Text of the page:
Africa is a really big continent, and there are many of us in the Diaspora. By the time we reunite, we’ll be so far away from everyone else that we won’t be thinking about what someone is doing in the Horn of Africa, on the west coast of Nigeria. Our first thought is liberation and reparations, that has nothing to do with friendship or “isms”; whoever is owed, is owed. We are not looking for friendships, we are looking for people who will keep the main purpose at the forefront, just like coworkers who don’t like each other, but work together to get the job done. We protect each other like a family, and deal with ourselves internally. We are a people fighting for our lives, when society discriminates they are not seeing Christian, Muslim, pan-African; they are seeing a Black person. We are not based on our struggle, but we’re fighting collectively against a struggle, so stay there! Stay there until we make progress, because trying to make everyone believe the same thing before moving forward is quite useless. We have to act now.

To be honest, I don’t identify with any “isms”, at all. I’ll tell you what I do, but I don’t identify with any schools of thought, because it puts me in a box. I’ve always been that way, I don’t like political labels, religion labels, or anything that will make people put you on their approval checklist. DiasporAfri, LLC celebrates, uplifts, and unites the global Black Diaspora through education for the purpose of liberation. I have many talents, and each of them was given to me to reach different parts of the diaspora. I obviously have activists I admire, but I do my own thing and took years to decolonize my mind to get to what God called me to be. I have Nigerian and Enslaved African heritage, one from my mom, and one from my dad, having spent much time with populations in the diaspora studying them. I say this because, it tells a fuller story of my why. I took a whole class on Pan-Africanism in grad school and loved it, I learned about Negritude, Alex Crumwell, and Marcus Garvey; but as much as I love Pan-Africanism, I don’t believe I have to call myself a Pan-African to tell how much I love, pray for, fight for, fast for, advocate for and more for Black people. It goes beyond titles, for me. I think everyone has a right to state what they are, whether Pan-African or FBA, but I don’t think we have the right to use it to divide ourselves when all of our ancestors suffered the same misfortune. Whatever is for us, is for us, without reservation. If we’re telling white supremacy to give it back to us, we can’t withhold it from each other, that’s very contradictory, in my opinion. There are unworthy white people who benefit from white supremacy because of their grandfathers. So if my ancestors were enslaved, whether my brethren deems me worthy or not, it is my inheritance. This is what we fight for.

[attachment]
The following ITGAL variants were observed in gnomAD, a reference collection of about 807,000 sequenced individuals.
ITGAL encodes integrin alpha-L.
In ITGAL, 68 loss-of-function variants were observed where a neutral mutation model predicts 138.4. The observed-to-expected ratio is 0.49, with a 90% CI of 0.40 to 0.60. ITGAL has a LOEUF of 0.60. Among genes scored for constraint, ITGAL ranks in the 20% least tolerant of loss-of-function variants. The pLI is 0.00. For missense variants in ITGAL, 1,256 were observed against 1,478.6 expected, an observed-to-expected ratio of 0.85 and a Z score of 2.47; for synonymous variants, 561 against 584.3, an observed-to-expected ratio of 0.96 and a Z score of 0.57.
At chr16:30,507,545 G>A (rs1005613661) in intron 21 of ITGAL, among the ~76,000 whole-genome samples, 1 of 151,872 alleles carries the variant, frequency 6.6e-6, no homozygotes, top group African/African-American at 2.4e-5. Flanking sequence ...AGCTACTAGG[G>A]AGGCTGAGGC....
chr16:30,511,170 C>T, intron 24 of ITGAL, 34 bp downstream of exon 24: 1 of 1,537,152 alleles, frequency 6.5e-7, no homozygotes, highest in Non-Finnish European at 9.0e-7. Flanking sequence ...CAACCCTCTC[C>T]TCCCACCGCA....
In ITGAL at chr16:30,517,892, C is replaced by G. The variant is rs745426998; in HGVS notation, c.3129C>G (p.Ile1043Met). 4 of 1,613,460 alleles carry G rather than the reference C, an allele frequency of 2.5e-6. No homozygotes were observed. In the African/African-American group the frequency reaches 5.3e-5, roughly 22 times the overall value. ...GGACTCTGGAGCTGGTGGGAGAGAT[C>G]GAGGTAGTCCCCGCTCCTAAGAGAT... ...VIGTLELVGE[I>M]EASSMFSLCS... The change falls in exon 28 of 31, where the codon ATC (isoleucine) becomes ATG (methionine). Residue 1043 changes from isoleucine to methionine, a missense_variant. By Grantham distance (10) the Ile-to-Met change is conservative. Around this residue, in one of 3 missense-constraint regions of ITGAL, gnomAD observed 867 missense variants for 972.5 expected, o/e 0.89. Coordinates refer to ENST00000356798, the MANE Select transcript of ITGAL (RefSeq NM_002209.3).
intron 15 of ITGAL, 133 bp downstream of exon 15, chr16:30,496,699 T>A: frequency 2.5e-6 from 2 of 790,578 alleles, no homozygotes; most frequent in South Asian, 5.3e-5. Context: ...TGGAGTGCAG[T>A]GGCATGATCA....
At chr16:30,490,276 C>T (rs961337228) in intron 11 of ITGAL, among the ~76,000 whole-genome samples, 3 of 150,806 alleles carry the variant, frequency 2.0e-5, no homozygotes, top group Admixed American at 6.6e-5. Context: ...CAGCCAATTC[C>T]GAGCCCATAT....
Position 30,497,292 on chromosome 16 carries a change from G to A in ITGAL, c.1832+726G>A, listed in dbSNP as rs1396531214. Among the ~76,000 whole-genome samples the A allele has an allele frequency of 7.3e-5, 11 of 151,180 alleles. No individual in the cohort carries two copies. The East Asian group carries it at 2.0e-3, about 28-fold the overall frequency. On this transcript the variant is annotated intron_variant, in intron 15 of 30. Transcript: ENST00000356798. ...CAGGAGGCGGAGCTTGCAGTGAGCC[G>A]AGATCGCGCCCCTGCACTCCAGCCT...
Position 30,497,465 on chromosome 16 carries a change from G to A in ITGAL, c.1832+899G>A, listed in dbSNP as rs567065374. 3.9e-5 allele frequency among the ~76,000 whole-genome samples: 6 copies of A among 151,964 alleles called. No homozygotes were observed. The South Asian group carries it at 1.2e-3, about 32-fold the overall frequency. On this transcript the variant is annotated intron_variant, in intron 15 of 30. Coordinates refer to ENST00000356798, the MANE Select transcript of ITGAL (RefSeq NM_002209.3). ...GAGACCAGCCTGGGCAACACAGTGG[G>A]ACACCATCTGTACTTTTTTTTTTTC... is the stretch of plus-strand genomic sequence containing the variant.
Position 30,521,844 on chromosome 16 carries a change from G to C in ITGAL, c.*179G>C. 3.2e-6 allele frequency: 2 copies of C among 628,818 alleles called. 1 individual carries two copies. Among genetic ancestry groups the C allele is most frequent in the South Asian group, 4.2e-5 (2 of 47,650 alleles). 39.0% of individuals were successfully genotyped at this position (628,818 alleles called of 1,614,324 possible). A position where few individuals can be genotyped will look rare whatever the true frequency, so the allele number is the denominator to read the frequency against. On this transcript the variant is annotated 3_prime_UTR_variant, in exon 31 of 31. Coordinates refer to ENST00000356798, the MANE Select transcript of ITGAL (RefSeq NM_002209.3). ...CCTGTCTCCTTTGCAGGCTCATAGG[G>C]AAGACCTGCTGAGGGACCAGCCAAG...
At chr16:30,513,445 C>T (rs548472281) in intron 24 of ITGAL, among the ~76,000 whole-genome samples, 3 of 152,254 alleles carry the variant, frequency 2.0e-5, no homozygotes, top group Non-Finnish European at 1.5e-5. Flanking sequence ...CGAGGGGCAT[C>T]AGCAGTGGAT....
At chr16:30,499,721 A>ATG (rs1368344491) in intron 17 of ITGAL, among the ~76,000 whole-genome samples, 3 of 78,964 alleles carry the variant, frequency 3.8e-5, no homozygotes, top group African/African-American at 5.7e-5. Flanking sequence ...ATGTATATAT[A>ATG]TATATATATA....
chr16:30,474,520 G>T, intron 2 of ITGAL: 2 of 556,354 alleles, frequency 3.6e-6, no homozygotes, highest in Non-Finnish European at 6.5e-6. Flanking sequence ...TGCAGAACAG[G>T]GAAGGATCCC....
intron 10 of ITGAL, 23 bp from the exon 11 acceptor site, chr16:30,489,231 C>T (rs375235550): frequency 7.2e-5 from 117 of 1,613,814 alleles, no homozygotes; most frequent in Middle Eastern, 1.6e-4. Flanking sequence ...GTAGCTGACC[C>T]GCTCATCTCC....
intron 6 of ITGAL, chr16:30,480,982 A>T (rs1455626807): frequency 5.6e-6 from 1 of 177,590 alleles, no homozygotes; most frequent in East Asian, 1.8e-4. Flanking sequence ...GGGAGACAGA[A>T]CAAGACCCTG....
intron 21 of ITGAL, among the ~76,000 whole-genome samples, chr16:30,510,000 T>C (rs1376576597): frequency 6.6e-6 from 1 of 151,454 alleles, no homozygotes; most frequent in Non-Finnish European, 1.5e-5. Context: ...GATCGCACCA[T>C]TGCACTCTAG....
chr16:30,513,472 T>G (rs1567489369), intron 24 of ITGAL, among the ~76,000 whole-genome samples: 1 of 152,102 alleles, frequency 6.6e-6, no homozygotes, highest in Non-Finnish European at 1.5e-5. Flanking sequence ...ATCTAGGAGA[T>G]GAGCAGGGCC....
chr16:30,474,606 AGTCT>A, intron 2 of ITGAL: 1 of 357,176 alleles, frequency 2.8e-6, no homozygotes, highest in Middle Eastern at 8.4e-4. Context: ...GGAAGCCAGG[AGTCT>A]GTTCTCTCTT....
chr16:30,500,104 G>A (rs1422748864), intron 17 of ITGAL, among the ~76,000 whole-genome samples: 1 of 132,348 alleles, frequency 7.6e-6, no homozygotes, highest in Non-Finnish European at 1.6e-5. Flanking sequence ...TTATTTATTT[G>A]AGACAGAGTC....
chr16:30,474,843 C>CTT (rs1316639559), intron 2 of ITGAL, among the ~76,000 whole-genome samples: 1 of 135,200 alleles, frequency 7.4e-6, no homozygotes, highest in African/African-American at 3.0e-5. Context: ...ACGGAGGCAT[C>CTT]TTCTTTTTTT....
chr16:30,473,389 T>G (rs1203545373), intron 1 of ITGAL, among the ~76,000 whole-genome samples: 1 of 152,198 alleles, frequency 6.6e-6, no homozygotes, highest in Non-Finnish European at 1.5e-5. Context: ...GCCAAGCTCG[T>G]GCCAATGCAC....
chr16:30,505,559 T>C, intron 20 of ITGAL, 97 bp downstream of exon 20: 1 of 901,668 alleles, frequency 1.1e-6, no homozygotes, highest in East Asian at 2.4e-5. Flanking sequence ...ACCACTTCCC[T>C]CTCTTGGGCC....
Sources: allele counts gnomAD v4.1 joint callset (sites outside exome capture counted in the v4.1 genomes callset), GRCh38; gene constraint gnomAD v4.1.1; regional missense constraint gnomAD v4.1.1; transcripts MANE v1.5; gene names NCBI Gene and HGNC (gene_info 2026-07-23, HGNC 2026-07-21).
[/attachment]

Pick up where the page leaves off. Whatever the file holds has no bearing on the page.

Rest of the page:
I truly pray that all of you please find it deep in your heart to undo the colonization. I teach about it in my Dear Black People Webinar Series, which will be back at the end of this month. I encourage you to join to learn how I decolonized my mind and how you can too.

Watch this video in the meantime. Enjoy!

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A Special Message for My Audience

Dear Black People, we are in this together. Tell me, what content would you like to see incorporated into my blog? What’s the most important thing to you, personally, as it relates to Blackness? Thank you all for dramatically increasing my website traffic, and I want to really speak to you from a place of your needs. DiasporAfri, LLC is a place of healing, that’s why I speak to action, I am passionate, but my content should educate and heal, let me know! I posed this same question on Twitter, and so far people have told me: